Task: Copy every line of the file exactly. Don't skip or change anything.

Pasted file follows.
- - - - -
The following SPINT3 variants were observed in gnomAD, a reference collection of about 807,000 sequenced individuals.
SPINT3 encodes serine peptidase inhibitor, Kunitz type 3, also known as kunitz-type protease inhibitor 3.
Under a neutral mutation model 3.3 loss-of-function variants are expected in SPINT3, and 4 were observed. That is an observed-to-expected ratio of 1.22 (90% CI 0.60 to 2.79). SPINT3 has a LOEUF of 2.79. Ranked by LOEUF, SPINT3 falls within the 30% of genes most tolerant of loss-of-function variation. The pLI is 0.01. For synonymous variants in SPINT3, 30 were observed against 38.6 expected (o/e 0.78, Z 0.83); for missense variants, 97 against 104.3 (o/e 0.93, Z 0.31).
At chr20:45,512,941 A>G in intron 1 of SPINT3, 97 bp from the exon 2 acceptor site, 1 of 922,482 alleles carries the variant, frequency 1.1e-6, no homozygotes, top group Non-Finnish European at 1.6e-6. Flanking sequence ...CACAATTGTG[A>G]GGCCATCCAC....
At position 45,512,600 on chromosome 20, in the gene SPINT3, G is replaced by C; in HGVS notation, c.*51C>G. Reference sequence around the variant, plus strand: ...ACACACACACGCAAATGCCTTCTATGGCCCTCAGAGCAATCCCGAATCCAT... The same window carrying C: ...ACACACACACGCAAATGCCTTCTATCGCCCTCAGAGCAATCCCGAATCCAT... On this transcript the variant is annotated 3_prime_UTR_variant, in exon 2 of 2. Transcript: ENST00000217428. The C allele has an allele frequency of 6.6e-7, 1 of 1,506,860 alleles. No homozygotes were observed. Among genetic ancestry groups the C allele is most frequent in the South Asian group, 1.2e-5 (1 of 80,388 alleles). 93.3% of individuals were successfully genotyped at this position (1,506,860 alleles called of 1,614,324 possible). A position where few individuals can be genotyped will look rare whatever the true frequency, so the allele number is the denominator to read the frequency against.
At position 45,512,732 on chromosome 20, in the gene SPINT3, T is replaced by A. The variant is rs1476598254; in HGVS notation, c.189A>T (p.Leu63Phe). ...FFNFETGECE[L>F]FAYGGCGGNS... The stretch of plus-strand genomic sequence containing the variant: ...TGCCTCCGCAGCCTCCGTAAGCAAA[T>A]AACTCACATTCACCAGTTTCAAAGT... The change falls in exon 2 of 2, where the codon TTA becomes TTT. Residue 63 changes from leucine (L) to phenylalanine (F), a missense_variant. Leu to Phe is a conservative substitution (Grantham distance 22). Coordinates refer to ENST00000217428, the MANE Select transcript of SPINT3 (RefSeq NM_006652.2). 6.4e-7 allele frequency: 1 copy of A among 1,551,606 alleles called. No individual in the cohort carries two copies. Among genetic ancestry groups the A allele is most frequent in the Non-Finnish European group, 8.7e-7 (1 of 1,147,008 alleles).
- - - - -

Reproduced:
The following SPINT3 variants were observed in gnomAD, a reference collection of about 807,000 sequenced individuals.
SPINT3 encodes serine peptidase inhibitor, Kunitz type 3, also known as kunitz-type protease inhibitor 3.
Under a neutral mutation model 3.3 loss-of-function variants are expected in SPINT3, and 4 were observed. That is an observed-to-expected ratio of 1.22 (90% CI 0.60 to 2.79). SPINT3 has a LOEUF of 2.79. Ranked by LOEUF, SPINT3 falls within the 30% of genes most tolerant of loss-of-function variation. The pLI is 0.01. For synonymous variants in SPINT3, 30 were observed against 38.6 expected (o/e 0.78, Z 0.83); for missense variants, 97 against 104.3 (o/e 0.93, Z 0.31).
At chr20:45,512,941 A>G in intron 1 of SPINT3, 97 bp from the exon 2 acceptor site, 1 of 922,482 alleles carries the variant, frequency 1.1e-6, no homozygotes, top group Non-Finnish European at 1.6e-6. Flanking sequence ...CACAATTGTG[A>G]GGCCATCCAC....
At position 45,512,600 on chromosome 20, in the gene SPINT3, G is replaced by C; in HGVS notation, c.*51C>G. Reference sequence around the variant, plus strand: ...ACACACACACGCAAATGCCTTCTATGGCCCTCAGAGCAATCCCGAATCCAT... The same window carrying C: ...ACACACACACGCAAATGCCTTCTATCGCCCTCAGAGCAATCCCGAATCCAT... On this transcript the variant is annotated 3_prime_UTR_variant, in exon 2 of 2. Transcript: ENST00000217428. The C allele has an allele frequency of 6.6e-7, 1 of 1,506,860 alleles. No homozygotes were observed. Among genetic ancestry groups the C allele is most frequent in the South Asian group, 1.2e-5 (1 of 80,388 alleles). 93.3% of individuals were successfully genotyped at this position (1,506,860 alleles called of 1,614,324 possible). A position where few individuals can be genotyped will look rare whatever the true frequency, so the allele number is the denominator to read the frequency against.
At position 45,512,732 on chromosome 20, in the gene SPINT3, T is replaced by A. The variant is rs1476598254; in HGVS notation, c.189A>T (p.Leu63Phe). ...FFNFETGECE[L>F]FAYGGCGGNS... The stretch of plus-strand genomic sequence containing the variant: ...TGCCTCCGCAGCCTCCGTAAGCAAA[T>A]AACTCACATTCACCAGTTTCAAAGT... The change falls in exon 2 of 2, where the codon TTA becomes TTT. Residue 63 changes from leucine (L) to phenylalanine (F), a missense_variant. Leu to Phe is a conservative substitution (Grantham distance 22). Coordinates refer to ENST00000217428, the MANE Select transcript of SPINT3 (RefSeq NM_006652.2). 6.4e-7 allele frequency: 1 copy of A among 1,551,606 alleles called. No individual in the cohort carries two copies. Among genetic ancestry groups the A allele is most frequent in the Non-Finnish European group, 8.7e-7 (1 of 1,147,008 alleles).